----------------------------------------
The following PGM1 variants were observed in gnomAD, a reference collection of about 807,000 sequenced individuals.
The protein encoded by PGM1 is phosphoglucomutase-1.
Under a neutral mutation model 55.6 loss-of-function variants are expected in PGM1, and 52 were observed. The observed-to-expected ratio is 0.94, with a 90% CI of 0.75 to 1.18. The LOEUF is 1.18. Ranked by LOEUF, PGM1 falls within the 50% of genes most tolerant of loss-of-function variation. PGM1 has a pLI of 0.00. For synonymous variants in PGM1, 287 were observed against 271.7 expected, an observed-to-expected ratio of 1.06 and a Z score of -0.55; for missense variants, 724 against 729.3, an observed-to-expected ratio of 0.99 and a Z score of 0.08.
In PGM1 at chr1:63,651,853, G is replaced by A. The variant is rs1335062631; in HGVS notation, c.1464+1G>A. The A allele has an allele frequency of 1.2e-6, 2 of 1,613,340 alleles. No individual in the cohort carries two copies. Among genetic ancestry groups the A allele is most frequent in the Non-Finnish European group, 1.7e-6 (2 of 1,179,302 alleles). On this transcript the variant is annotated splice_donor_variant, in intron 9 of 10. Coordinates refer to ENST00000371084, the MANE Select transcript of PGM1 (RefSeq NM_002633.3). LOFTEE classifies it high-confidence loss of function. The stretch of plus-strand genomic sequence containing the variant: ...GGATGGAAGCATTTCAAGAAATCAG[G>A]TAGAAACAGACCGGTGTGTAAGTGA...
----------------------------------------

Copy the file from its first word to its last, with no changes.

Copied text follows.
The following PGM1 variants were observed in gnomAD, a reference collection of about 807,000 sequenced individuals.
The protein encoded by PGM1 is phosphoglucomutase-1.
Under a neutral mutation model 55.6 loss-of-function variants are expected in PGM1, and 52 were observed. The observed-to-expected ratio is 0.94, with a 90% CI of 0.75 to 1.18. The LOEUF is 1.18. Ranked by LOEUF, PGM1 falls within the 50% of genes most tolerant of loss-of-function variation. PGM1 has a pLI of 0.00. For synonymous variants in PGM1, 287 were observed against 271.7 expected, an observed-to-expected ratio of 1.06 and a Z score of -0.55; for missense variants, 724 against 729.3, an observed-to-expected ratio of 0.99 and a Z score of 0.08.
In PGM1 at chr1:63,651,853, G is replaced by A. The variant is rs1335062631; in HGVS notation, c.1464+1G>A. The A allele has an allele frequency of 1.2e-6, 2 of 1,613,340 alleles. No individual in the cohort carries two copies. Among genetic ancestry groups the A allele is most frequent in the Non-Finnish European group, 1.7e-6 (2 of 1,179,302 alleles). On this transcript the variant is annotated splice_donor_variant, in intron 9 of 10. Coordinates refer to ENST00000371084, the MANE Select transcript of PGM1 (RefSeq NM_002633.3). LOFTEE classifies it high-confidence loss of function. The stretch of plus-strand genomic sequence containing the variant: ...GGATGGAAGCATTTCAAGAAATCAG[G>A]TAGAAACAGACCGGTGTGTAAGTGA...